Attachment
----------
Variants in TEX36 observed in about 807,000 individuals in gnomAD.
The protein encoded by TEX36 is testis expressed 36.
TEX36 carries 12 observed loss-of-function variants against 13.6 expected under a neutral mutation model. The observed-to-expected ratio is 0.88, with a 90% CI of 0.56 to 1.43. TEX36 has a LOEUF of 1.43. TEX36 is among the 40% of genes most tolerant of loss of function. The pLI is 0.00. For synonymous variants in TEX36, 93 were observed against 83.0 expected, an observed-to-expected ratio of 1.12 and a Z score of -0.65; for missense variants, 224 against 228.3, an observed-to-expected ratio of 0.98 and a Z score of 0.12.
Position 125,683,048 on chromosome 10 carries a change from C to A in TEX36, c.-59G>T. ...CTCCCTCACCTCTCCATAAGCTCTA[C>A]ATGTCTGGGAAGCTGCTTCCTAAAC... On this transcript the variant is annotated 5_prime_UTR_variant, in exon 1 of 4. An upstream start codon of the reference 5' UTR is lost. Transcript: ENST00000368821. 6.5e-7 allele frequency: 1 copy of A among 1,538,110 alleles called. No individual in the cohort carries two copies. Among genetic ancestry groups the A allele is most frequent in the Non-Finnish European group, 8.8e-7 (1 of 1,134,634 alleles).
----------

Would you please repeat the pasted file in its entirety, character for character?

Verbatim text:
Variants in TEX36 observed in about 807,000 individuals in gnomAD.
The protein encoded by TEX36 is testis expressed 36.
TEX36 carries 12 observed loss-of-function variants against 13.6 expected under a neutral mutation model. The observed-to-expected ratio is 0.88, with a 90% CI of 0.56 to 1.43. TEX36 has a LOEUF of 1.43. TEX36 is among the 40% of genes most tolerant of loss of function. The pLI is 0.00. For synonymous variants in TEX36, 93 were observed against 83.0 expected, an observed-to-expected ratio of 1.12 and a Z score of -0.65; for missense variants, 224 against 228.3, an observed-to-expected ratio of 0.98 and a Z score of 0.12.
Position 125,683,048 on chromosome 10 carries a change from C to A in TEX36, c.-59G>T. ...CTCCCTCACCTCTCCATAAGCTCTA[C>A]ATGTCTGGGAAGCTGCTTCCTAAAC... On this transcript the variant is annotated 5_prime_UTR_variant, in exon 1 of 4. An upstream start codon of the reference 5' UTR is lost. Transcript: ENST00000368821. 6.5e-7 allele frequency: 1 copy of A among 1,538,110 alleles called. No individual in the cohort carries two copies. Among genetic ancestry groups the A allele is most frequent in the Non-Finnish European group, 8.8e-7 (1 of 1,134,634 alleles).